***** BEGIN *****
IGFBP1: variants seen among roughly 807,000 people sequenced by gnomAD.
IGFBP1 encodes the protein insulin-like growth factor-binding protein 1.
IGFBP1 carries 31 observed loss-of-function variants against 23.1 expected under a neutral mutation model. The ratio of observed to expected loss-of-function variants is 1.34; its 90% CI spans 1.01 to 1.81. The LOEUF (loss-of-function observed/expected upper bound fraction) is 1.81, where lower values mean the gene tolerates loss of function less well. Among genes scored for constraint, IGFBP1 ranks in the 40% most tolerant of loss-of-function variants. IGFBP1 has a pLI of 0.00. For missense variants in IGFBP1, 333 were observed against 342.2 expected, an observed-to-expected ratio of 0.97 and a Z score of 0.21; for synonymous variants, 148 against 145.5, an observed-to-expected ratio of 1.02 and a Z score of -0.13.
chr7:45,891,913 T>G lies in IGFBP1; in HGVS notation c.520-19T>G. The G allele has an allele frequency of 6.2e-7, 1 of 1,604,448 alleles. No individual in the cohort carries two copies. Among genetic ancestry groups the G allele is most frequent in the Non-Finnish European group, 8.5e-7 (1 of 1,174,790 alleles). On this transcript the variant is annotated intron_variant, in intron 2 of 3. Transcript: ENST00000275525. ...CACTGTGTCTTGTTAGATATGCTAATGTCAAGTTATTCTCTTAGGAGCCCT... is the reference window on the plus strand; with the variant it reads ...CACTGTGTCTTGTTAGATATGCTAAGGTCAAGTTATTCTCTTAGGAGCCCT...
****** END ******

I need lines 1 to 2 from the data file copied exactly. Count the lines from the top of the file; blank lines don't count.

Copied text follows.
IGFBP1: variants seen among roughly 807,000 people sequenced by gnomAD.
IGFBP1 encodes the protein insulin-like growth factor-binding protein 1.